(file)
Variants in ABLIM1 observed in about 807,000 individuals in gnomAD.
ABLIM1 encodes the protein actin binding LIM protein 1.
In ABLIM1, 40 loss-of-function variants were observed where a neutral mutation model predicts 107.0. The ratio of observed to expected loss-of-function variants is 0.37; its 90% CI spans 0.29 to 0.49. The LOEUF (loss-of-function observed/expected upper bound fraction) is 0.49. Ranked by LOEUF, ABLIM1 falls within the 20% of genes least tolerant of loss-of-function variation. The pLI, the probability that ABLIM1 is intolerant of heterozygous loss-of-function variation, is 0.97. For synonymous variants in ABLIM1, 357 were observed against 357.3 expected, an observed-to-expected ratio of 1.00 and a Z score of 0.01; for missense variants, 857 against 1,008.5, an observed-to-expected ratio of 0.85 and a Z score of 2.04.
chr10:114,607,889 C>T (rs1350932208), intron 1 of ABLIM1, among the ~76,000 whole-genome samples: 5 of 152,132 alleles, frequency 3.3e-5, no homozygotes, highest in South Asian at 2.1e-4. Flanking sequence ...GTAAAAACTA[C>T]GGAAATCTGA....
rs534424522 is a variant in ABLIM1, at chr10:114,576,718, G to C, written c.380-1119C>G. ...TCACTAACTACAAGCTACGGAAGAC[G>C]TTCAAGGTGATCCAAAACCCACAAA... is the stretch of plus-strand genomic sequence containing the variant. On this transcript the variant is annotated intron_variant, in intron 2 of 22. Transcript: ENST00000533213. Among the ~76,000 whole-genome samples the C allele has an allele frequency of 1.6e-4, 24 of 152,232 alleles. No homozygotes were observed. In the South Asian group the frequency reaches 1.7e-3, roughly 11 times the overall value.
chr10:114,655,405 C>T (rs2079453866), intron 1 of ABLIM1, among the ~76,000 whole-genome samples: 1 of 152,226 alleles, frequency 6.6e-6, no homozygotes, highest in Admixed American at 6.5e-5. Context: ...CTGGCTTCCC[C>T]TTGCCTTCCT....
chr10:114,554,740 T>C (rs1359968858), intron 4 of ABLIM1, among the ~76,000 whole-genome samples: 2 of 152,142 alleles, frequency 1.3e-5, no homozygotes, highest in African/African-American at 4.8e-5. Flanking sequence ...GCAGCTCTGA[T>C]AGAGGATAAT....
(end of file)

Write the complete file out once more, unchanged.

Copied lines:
Variants in ABLIM1 observed in about 807,000 individuals in gnomAD.
ABLIM1 encodes the protein actin binding LIM protein 1.
In ABLIM1, 40 loss-of-function variants were observed where a neutral mutation model predicts 107.0. The ratio of observed to expected loss-of-function variants is 0.37; its 90% CI spans 0.29 to 0.49. The LOEUF (loss-of-function observed/expected upper bound fraction) is 0.49. Ranked by LOEUF, ABLIM1 falls within the 20% of genes least tolerant of loss-of-function variation. The pLI, the probability that ABLIM1 is intolerant of heterozygous loss-of-function variation, is 0.97. For synonymous variants in ABLIM1, 357 were observed against 357.3 expected, an observed-to-expected ratio of 1.00 and a Z score of 0.01; for missense variants, 857 against 1,008.5, an observed-to-expected ratio of 0.85 and a Z score of 2.04.
chr10:114,607,889 C>T (rs1350932208), intron 1 of ABLIM1, among the ~76,000 whole-genome samples: 5 of 152,132 alleles, frequency 3.3e-5, no homozygotes, highest in South Asian at 2.1e-4. Flanking sequence ...GTAAAAACTA[C>T]GGAAATCTGA....
rs534424522 is a variant in ABLIM1, at chr10:114,576,718, G to C, written c.380-1119C>G. ...TCACTAACTACAAGCTACGGAAGAC[G>C]TTCAAGGTGATCCAAAACCCACAAA... is the stretch of plus-strand genomic sequence containing the variant. On this transcript the variant is annotated intron_variant, in intron 2 of 22. Transcript: ENST00000533213. Among the ~76,000 whole-genome samples the C allele has an allele frequency of 1.6e-4, 24 of 152,232 alleles. No homozygotes were observed. In the South Asian group the frequency reaches 1.7e-3, roughly 11 times the overall value.
chr10:114,655,405 C>T (rs2079453866), intron 1 of ABLIM1, among the ~76,000 whole-genome samples: 1 of 152,226 alleles, frequency 6.6e-6, no homozygotes, highest in Admixed American at 6.5e-5. Context: ...CTGGCTTCCC[C>T]TTGCCTTCCT....
chr10:114,554,740 T>C (rs1359968858), intron 4 of ABLIM1, among the ~76,000 whole-genome samples: 2 of 152,142 alleles, frequency 1.3e-5, no homozygotes, highest in African/African-American at 4.8e-5. Flanking sequence ...GCAGCTCTGA[T>C]AGAGGATAAT....